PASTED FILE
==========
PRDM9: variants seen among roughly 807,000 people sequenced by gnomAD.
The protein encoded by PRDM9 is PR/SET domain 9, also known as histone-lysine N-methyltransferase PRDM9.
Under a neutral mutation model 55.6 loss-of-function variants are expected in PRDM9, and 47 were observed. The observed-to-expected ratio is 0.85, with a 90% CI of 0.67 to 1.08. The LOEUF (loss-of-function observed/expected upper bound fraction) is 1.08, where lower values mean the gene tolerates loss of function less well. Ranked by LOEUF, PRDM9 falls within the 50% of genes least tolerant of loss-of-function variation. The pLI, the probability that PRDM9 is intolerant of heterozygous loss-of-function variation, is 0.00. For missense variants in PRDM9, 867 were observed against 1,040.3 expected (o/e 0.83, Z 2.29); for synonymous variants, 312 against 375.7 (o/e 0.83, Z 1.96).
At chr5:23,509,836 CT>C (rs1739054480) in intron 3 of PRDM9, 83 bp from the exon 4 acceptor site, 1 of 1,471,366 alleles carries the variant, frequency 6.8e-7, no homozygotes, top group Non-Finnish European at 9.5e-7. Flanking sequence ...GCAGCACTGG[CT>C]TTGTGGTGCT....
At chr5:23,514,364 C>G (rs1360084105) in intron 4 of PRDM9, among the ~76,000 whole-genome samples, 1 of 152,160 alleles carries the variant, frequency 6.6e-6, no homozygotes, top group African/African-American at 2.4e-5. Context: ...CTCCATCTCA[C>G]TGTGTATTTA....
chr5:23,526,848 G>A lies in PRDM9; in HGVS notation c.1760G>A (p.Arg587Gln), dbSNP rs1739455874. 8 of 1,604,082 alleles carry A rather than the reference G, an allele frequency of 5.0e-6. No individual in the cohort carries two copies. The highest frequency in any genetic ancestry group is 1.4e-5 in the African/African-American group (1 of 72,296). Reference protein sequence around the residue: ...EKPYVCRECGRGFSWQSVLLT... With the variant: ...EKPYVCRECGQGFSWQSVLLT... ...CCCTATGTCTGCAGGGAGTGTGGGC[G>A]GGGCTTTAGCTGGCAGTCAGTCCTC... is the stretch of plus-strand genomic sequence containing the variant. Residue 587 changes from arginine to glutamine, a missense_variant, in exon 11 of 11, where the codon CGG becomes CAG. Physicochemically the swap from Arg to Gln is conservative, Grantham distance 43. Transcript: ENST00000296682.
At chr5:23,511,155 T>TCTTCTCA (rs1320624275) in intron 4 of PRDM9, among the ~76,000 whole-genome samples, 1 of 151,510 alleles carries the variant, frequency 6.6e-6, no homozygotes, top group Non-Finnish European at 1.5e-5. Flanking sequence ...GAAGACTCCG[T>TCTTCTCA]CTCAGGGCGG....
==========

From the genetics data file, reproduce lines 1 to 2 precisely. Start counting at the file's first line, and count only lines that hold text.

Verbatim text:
PRDM9: variants seen among roughly 807,000 people sequenced by gnomAD.
The protein encoded by PRDM9 is PR/SET domain 9, also known as histone-lysine N-methyltransferase PRDM9.